|SENSE/ACTIVITY||POSSIBLE ALTERNATIVE EXPLANATION||COMMENTS|
|Sight||Apparition||Not likely the only explanation since not all are static, can vary, and appear under different conditions. Most often (almost always when can be validated historically) like that of a deceased person connected to the location|
|Smell||None?||Typically of a short duration unlike normal smells which linger|
|Sound||Apparition||Not likely explanation since not always the same in type, intensity, duration, or location|
|Poltergeist Activity||Some life form or type of energy (but not that of a deceased person or animal) not known to us||Alternative explanation cannot be ruled out. Psychokinesis also a possibility|
|Touch||See Poltergeist Activity||Alternative explanation cannot be ruled out|
|Temperature Drop||” ” “||Alternative explanation cannot be ruled out|
|Orb Activity||” ” “||Alternative explanation cannot be ruled out|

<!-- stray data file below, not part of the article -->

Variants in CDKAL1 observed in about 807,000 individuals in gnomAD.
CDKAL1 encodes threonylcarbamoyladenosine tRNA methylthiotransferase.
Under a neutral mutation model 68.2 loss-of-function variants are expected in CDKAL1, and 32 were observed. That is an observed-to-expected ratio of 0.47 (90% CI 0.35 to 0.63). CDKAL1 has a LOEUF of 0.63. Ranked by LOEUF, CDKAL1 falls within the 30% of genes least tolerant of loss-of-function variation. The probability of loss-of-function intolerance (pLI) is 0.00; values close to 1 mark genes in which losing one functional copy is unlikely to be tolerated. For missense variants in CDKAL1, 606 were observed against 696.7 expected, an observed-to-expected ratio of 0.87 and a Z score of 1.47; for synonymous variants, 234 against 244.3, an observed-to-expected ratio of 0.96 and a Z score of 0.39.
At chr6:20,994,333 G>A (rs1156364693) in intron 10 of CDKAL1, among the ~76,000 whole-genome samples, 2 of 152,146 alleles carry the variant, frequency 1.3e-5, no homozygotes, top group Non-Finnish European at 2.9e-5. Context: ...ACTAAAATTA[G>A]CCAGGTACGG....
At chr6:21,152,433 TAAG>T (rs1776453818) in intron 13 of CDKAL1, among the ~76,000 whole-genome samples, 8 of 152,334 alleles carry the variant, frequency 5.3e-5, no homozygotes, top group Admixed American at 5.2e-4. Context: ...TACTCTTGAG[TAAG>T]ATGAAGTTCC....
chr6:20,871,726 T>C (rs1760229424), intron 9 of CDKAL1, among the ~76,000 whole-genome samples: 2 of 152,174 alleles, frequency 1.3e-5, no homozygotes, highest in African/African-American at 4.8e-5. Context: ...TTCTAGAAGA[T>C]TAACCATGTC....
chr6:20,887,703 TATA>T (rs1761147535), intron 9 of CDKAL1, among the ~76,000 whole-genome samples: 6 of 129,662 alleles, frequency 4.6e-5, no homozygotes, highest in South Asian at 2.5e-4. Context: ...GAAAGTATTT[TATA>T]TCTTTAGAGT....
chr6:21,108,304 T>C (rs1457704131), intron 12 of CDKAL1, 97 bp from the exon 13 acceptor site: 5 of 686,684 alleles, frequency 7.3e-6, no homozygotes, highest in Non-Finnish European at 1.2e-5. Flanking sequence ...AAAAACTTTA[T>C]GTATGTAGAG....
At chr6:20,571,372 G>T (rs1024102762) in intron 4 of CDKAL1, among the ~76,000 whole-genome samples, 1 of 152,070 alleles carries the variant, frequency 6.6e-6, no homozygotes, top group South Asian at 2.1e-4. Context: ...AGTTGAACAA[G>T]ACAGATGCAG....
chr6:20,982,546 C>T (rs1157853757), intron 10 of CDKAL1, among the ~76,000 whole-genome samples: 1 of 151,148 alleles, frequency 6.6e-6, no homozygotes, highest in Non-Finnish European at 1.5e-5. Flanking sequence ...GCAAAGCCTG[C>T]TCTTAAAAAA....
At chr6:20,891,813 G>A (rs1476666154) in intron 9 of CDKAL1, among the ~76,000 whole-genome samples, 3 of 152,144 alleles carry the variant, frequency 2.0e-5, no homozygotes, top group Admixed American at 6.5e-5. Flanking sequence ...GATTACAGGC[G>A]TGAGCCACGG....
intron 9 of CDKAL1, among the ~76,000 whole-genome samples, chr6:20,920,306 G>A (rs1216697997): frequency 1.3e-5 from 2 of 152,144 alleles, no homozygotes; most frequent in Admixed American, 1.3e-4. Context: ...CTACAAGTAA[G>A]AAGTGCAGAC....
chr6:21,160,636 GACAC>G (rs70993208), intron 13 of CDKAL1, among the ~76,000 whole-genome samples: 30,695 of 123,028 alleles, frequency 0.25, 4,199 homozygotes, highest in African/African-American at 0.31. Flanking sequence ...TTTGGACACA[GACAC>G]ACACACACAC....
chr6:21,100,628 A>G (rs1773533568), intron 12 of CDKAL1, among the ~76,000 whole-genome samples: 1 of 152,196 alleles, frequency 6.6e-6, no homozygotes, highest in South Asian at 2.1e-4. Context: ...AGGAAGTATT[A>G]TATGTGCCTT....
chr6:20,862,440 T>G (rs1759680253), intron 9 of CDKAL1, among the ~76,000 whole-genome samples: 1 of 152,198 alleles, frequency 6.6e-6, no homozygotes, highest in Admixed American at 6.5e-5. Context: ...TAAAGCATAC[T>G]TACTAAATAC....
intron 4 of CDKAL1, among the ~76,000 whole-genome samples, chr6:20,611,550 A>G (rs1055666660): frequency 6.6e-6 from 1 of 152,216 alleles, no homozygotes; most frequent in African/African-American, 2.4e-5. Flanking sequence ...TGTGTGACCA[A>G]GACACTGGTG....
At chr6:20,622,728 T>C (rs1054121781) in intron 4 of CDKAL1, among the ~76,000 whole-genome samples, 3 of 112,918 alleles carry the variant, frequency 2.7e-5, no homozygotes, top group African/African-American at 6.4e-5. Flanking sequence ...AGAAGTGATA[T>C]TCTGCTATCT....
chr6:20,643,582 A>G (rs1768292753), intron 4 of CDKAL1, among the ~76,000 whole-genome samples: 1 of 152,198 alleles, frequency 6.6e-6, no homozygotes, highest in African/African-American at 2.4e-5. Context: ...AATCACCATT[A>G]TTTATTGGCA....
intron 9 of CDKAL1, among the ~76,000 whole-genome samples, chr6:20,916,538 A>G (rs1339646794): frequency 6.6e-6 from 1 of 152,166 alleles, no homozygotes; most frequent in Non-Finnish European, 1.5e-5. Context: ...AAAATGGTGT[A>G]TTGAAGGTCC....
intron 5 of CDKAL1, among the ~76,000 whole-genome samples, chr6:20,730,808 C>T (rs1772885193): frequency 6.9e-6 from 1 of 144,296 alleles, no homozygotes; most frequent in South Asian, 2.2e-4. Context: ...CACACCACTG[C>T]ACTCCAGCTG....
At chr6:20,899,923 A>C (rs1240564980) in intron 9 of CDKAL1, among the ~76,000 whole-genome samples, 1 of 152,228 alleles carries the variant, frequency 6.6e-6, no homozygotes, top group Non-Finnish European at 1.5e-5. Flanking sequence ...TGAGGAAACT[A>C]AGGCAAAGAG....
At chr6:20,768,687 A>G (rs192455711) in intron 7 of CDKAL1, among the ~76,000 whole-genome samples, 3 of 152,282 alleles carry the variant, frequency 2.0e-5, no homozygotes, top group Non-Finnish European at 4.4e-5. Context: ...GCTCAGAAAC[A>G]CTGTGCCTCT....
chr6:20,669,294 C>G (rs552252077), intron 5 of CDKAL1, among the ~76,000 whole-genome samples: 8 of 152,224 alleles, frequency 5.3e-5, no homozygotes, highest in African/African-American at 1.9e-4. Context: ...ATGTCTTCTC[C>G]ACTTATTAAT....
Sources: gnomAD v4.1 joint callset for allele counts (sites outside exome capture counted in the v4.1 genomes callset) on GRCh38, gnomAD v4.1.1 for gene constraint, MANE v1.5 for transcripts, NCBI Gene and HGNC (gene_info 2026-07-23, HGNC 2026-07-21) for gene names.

Exorcism is usually effective against all of the above and psychic mediums seem to validate the existence of the spirit of a deceased person connected to that location. This person is typically confirmed through the historical record. The alternate explanations would be that the medium is providing this additional information (including the spirits name commonly) by either (1) engaging in fraud by obtaining this information beforehand, (2) ‘picking up’ thoughts or memories or tapping into a ‘pool of consciousness’ for the universe if such a thing exists, or (3) external manipulation by alien beings or demons (negative entities). The explanation that ghosts are the spirits of deceased persons might be the only plausible one. Especially considering the fact that more than one (or even all) of the above senses affected have been known to occur simultaneously.